How To Read A Book Among The Savages

Congratulations! It’s Saturday afternoon and you have managed to scrounge up half an hour of free time. I am proud of you for choosing not to loiter on Instagram. And double-proud for the self-control you’re exhibiting, staying away from the kitchen. Snacking is a chronic ailment for the idle human! We’re really doing this, you and me. We’re going to read a book!

Let me guide you through the steps that may be necessary to engage in this worthy pursuit, given that you are the parent of small children. Certain things just take a bit more work when you live among the savages. It sounds like it should be a simple endeavor, reading a book, right? Well, that’s what I thought about boys and peeing inside the toilet. Newsflash: not happening.

First things first. It may seem obvious, but you must acquire the book. Who would remember to do such a thing! I don’t recommend borrowing one from a friend because, let’s be honest, you will forget to give it back and there will be this unspoken resentment that haunts your relationship forever. They will think it’s too petty to ask for it back, but at the same time find it thoughtless on your behalf. And you’re just too embarrassed after seeing the book on the shelf for the better part of a year, so what you do is you push it behind other books so you can’t see it anymore. Because you’re an adult and you can make your own choices.

We don’t need any additional stress in our lives at the moment, so let’s not even go there. You must do this on your own.

You may be tempted to simply tap tap tap on your phone and get free shipping on a best-seller at the worst-price. Yes, that corporation loses money with every book sold, but hey, who cares! Free two-minute shipping! Well, I do care, and so should you. They treat their employees like garbage and are cheerfully destroying small businesses as if it were a game of global whack-a-mole. So let’s be conscious about how we source this book, okay?

My recommendation is to gently peel yourself off the couch and venture out to either your local independent bookstore or the public library. Either one will welcome you with open arms and envelop you with a tidy blanket of possibilities. How about some political nonfiction with that romance novel? Perhaps these snarky essays to go with the travel memoir? We don’t judge adults who love YA.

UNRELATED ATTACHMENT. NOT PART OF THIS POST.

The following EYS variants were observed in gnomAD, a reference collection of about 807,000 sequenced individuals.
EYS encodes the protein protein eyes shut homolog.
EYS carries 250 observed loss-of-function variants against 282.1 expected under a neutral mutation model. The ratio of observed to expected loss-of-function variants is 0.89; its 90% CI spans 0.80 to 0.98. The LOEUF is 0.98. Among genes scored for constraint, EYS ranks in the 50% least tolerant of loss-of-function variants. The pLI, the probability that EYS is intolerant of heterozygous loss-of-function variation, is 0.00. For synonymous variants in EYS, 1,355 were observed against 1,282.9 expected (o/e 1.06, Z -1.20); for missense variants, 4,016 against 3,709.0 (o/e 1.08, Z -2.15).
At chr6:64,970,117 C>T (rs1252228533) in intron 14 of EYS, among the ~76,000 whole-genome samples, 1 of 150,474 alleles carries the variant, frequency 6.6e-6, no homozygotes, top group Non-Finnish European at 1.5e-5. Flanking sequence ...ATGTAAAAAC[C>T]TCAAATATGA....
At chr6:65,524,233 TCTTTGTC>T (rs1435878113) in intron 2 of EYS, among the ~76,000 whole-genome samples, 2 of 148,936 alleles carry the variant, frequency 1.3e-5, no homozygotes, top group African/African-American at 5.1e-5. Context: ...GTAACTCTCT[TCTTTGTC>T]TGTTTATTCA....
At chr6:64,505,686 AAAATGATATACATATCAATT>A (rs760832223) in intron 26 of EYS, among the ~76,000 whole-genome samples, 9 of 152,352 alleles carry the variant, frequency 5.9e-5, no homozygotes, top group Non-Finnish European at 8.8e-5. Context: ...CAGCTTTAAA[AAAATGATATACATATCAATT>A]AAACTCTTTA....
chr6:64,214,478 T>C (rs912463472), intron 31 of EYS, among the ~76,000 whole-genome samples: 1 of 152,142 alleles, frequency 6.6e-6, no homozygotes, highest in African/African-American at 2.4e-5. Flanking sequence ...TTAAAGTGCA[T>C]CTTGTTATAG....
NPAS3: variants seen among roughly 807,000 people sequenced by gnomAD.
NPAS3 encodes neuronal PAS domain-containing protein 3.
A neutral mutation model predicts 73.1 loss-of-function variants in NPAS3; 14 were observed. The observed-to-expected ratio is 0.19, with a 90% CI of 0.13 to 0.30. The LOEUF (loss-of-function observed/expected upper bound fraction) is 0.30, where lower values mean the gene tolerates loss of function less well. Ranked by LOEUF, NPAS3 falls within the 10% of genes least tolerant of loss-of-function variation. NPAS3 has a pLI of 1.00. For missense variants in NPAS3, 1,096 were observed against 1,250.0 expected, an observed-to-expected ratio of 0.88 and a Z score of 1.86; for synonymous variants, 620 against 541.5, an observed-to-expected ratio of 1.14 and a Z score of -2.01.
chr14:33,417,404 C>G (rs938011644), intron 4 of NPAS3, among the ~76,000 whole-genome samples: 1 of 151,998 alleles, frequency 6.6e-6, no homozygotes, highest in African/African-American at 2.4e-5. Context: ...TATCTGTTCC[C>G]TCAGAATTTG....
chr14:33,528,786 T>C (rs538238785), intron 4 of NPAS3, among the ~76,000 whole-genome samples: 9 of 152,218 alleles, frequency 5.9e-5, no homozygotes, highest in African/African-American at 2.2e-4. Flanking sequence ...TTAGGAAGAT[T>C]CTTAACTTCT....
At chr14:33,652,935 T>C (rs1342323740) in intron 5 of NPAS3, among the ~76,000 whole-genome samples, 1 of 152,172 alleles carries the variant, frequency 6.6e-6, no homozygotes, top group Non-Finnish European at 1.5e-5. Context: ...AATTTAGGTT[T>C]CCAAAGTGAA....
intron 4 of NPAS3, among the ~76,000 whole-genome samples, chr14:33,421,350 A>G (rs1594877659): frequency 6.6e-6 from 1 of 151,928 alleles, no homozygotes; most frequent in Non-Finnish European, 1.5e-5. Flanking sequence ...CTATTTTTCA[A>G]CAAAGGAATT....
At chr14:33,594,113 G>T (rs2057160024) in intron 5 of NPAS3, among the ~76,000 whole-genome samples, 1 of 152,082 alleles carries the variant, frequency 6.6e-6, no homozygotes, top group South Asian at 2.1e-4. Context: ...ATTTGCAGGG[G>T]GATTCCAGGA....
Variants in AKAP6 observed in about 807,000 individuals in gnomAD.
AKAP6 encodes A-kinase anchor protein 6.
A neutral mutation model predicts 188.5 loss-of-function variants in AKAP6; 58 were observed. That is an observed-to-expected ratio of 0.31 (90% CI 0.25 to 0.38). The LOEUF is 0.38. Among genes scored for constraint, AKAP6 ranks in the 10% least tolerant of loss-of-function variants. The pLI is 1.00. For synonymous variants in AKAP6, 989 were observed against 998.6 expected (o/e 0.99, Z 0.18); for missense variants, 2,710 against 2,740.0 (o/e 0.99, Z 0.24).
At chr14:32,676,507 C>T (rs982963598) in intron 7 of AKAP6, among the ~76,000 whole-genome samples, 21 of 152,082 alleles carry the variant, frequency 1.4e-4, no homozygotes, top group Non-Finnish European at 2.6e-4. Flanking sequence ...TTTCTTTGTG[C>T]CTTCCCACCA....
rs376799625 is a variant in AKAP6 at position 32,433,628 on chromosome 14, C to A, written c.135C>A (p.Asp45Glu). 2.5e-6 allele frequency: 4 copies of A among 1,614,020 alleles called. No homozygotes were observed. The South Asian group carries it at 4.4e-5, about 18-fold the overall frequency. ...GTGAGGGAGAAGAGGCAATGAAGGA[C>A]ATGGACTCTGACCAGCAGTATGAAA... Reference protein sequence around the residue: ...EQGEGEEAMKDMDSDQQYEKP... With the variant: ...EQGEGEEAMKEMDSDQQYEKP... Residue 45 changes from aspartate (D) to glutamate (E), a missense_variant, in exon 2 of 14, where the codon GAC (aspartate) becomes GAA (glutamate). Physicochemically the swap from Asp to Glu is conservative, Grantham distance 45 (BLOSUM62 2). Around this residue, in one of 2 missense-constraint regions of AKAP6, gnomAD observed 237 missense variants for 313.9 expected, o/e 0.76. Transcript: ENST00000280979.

Alright, so now that you’ve got your hands on a book, chapters and all, it’s time to get back to the couch. However, as hygge-inducing as it sounds, that may not be the best option. You see, couches tend to attract other members of the family. Before you’re able to re-read the first paragraph — which you know you need to do due to your inability to focus — a dog will appear out of nowhere, sticking a ratty stuffed squirrel on your face. If you choose to ignore this, the dog will take it as a cue to push the dirty squirrel further against your face. You’ll make a mental note to wash all the dog toys in hot water after taking an involuntary whiff of the squirrel’s tail, then relocate to the kitchen counter. The barstools are high enough that they’re out of reach for Fido.

But see, the kitchen is enemy territory. The kitchen is where the snacks live and where grilled cheese sandwiches are made. No matter where they are, children will detect your presence in the kitchen and suddenly manifest themselves there, starved almost past a breaking point of misery and neglect. Their pleas will escalate quickly and you will be forced to put your book down and assemble an assortment of carbs that should hopefully keep them entertained and their bellies full for, oh I don’t know, maybe fifteen minutes.

You may be getting impatient at this point and consider retreating to your bedroom. This is an understandable rookie move. See, children are militant about routine and order — and a parent chilling in their bedroom on a pleasant Saturday afternoon is cause for alarm. They will barge in within minutes demanding answers. “Why are you in bed? Are you sick? Do you have Covid?!” After you dispel their concerns about your certain impending death, you’ll find that they have perched themselves on either side of you. Count to seven in your head. The pillow fight has begun.

So you see where this is going. Don’t look at me like that, we both know the truth. There is no shame in it. The best, most secure location for your book-reading is the bathroom. It is the one place in the house with a working lock on the door, the one place where you will be reliably left alone. If the savages persist, take a deep breath, coat your voice with a touch of strain, and simply say “diarrhea” loud enough for them to hear. They will stay the hell away from you.

Get yourself a couple of pillows and a glass of wine, settle into the empty bathtub, and let the words quietly wash all over you.

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Teresa Lagerman

Teresa Lagerman

Hudson Valley // Musing about donuts 60% of the time